Angels’ Cut excerpt from book #1 in and Explosive Series

Angels’ Cut excerpt from book #1 in and Explosive Series

Angels’ Cut excerpt of #1 in the Angels’ Share series

Enjoy an Angels’ Cut excerpt

This Angels’ Cut excerpt is an extract from the tale of greed, fraud and murder. Eilidh’s explosive dossier exposes cynical corruption and criminality feeding into dark corners of the UK Establishment.  Large chunks of money evaporate like a whisky producers’ Angels’ Share.

Fearful of exposure and losing their ill-gotten gains, Bizz decides something must be done. Taken with callous efficiency, she is in lethal danger. The hospital scene is a tough and poignant sample from the Angels’ Cut excerpt.


Expecting a happy catch-up with his wee sister, Sam Duncan comes to London. She’s missing. Danger closes as fast as his express train. Any thoughts of a pleasant visit evaporate. Someone wants him dead, and a hair-raising quest begins. Sam’s investigative skills, honed as a tier-one operator working, alongside the police, are needed. Things ar tough in this Angels’ Cut excerpt.

Angels' Cut excerpt and Cover for the angels' share seriesA little chumocracy goes a long way

Does ‘chumocracy’ or ‘cronyism’ or ‘kleptocracy’, involve criminality? It does, as politicians, officials, bankers, business people and gangsters line their pockets with public money, lots and lots of it. Soon the danger is stratospheric. People die, as in the Angels’ Cut excerpt.

Target the family

Both Sam and Eilidh plummet into confused and malicious webs of betrayal, murder, cover-up and stunning violence. Eilidh is lost. Can Sam find her? Will they survive? As if that isn’t enough, gangsters target his family. With his trusted warrior colleague, Tonka, facts emerge and, close behind, mayhem.

Criminality and cover-ups

People say – ‘it’s a cover-up’ … ’it’s one law for them and another for us’ … ‘we bale out the banks and they get the bonuses’ … Just for once, wouldn’t it be nice if someone flushed the criminals out? Well, here you go, you have come to the right place.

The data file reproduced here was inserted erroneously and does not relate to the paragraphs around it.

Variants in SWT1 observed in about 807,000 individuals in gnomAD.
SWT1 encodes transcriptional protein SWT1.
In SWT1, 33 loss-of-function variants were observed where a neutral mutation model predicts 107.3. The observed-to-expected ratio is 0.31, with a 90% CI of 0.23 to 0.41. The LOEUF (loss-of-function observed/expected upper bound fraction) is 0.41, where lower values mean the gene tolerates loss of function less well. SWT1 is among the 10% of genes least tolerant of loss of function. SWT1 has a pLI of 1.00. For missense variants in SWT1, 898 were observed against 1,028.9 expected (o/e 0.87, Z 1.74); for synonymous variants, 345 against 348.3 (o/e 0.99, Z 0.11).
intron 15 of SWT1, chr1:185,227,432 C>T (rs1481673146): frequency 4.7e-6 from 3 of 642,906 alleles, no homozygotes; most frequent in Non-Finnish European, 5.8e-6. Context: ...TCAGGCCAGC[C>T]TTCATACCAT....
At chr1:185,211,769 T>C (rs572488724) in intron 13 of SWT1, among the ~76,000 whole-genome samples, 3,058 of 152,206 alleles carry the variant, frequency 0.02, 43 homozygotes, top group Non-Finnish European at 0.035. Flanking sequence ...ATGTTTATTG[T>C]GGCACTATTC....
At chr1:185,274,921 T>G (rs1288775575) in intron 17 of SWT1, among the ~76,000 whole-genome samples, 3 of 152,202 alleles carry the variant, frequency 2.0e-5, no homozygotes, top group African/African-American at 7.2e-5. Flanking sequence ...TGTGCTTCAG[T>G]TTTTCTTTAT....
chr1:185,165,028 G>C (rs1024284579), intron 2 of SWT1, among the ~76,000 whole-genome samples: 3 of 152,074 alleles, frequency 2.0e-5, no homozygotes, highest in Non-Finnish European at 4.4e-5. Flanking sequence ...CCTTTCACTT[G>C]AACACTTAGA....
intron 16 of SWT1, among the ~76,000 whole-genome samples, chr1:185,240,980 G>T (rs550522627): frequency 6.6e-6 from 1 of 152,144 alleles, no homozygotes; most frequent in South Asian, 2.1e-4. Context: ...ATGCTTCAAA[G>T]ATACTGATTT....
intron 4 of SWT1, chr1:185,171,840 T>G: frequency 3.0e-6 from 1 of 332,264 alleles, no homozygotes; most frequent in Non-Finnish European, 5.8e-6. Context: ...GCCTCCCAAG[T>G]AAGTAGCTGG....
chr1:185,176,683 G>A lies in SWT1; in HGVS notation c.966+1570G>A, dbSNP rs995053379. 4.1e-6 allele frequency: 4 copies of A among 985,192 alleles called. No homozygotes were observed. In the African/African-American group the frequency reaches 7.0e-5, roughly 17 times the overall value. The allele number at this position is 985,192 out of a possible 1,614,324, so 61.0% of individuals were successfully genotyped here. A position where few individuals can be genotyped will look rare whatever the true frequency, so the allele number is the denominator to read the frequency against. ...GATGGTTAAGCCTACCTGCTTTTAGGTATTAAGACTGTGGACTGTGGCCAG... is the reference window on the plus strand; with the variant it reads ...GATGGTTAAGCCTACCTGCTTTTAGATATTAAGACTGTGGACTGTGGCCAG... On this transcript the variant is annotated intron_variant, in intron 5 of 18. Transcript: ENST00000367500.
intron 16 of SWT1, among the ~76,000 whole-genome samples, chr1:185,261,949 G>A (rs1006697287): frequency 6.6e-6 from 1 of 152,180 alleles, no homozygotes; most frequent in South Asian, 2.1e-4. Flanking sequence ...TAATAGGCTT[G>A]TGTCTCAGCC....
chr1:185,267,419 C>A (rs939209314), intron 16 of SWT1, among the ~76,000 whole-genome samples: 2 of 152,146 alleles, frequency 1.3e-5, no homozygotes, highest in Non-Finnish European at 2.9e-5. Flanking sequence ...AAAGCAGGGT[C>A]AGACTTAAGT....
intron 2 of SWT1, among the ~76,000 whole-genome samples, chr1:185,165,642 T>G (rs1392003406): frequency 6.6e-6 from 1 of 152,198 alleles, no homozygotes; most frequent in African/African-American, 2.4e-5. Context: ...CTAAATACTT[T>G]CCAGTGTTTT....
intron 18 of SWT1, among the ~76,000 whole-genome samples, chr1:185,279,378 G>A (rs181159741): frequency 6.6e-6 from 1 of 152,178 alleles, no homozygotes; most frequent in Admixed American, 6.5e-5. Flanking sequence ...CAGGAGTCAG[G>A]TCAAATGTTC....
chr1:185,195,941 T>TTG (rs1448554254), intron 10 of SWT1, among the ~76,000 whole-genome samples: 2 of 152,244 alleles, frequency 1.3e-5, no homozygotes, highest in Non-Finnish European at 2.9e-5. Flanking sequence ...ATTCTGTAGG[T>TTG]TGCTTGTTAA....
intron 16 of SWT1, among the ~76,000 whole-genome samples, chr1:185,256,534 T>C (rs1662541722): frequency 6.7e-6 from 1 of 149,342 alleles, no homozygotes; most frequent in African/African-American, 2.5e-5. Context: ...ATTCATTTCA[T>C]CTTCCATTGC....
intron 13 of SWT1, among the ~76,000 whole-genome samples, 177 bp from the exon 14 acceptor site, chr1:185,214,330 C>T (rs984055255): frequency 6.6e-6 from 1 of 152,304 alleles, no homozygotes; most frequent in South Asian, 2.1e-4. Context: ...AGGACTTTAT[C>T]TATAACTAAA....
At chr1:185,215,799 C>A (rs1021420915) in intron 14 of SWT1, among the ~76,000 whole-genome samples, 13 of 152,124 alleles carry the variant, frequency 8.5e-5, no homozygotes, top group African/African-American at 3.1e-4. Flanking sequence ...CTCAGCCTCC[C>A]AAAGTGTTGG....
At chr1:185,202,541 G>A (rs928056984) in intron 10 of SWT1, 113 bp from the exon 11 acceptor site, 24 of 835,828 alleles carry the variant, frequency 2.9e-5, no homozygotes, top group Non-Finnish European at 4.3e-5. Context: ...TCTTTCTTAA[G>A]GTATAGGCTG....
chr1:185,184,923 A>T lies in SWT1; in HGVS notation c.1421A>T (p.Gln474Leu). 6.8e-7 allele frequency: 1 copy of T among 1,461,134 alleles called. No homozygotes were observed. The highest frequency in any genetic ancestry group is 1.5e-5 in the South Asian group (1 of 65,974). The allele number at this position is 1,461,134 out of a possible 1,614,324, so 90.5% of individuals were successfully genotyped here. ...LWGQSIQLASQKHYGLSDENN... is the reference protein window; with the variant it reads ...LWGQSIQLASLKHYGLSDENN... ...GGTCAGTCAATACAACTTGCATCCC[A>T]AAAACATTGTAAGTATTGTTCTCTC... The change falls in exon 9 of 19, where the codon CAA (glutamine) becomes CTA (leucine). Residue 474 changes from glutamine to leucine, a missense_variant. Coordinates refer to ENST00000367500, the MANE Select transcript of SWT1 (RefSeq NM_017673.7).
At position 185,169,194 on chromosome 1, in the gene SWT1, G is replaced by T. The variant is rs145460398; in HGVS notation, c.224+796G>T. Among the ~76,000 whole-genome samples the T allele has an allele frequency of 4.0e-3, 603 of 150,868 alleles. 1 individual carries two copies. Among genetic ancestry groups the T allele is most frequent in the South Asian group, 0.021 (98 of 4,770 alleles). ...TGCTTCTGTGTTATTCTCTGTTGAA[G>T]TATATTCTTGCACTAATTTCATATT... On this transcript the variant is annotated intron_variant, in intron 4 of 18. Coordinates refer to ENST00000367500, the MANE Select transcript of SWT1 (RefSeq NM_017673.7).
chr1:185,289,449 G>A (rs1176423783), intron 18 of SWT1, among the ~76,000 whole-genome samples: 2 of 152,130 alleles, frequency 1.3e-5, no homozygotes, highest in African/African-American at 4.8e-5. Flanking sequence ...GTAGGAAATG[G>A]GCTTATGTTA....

Greed, cosy corruption … follow the money

The greedy fear exposure. Money is all. What will bad people do to protect a criminal investment? For instance, how much do criminal insiders steal? Is the £190 billion ($265 billion) reported by Experian in November 2017 fake news?

Scare her off or kill her?

Will her first success, as an investigative journalist be her last? Will she survive? Will she die? The Angels’ Cut excerpt shares a sense of this.

Reader Comments

“I could immediately identify with his main characters, even those shady, dangerous individuals in the upper echelons of society. In this respect the story is also a measure of how eroded has become our trust in our leaders, the high and mighty of our land. His action scenes are particularly well handled – the opening scene in South Armagh is shockingly realistic. In fact there’s a gritty realism throughout this book which will linger long in the memory. All in all this is an impressive piece of work by a talented writer.” Abrach, UK

“Not your common or garden thriller, not by a long shot. A thriller it undoubtedly is, but with characters who are far better developed and fleshed out than many others of this ilk, characters who live, breathe and about whom the reader ends up caring deeply. The fact that the storyline is brilliantly crafted and the level of detail is enough (and accurate enough, too) to keep the most dedicated hardware anorak on side is just icing on the cake.” D Gixxer, UK

“As this book opens, it seems an exciting, and very readable, action thriller. Then as the characters are developed one is drawn in by the witty dialogue, by the fierce and touching family loyalties, and by the noble defense of the vulnerable against those who would abuse them to their own ends. Initially repelled by the violence in this novel, I felt, as in Stieg Larsson’s novels, the visceral satisfaction of seeing justice meted out to the abusers of women.” Maryann N, WA USA

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Enjoy your Angels’ Cut excerpt. Book available worldwide.

An Angels’ Cut Excerpt

Sam ended the call. ‘She’s back in intensive care now: not stable, no visitors, it sounds critical. I need sleep.’

‘Shit!’ Cal said.

‘I’ll go to the hospital first thing,’ Sam said.

‘One other thing.’

Sam yawned. ‘Sure, what’s on your mind?’

‘This isn’t my patch and we don’t want to rock the boat. Especially not with Macho Mike in charge over here.’ Cal said.

‘Macho Mike?’

‘Yeah, Mike Swindon. Puts the hard in hard man. An excellent investigator who’s aggressive and gets results. Yanks would call him “lean ’n’ mean”. I’d add balding, broken-nosed, ugly, backed by an in-your-face, no-shit, no-fools attitude. For some mysterious reason, his people love him.’

‘Hmmm. We’ll need to win him to the cause. I’ll walk back to the digs and find my own way to the hospital.’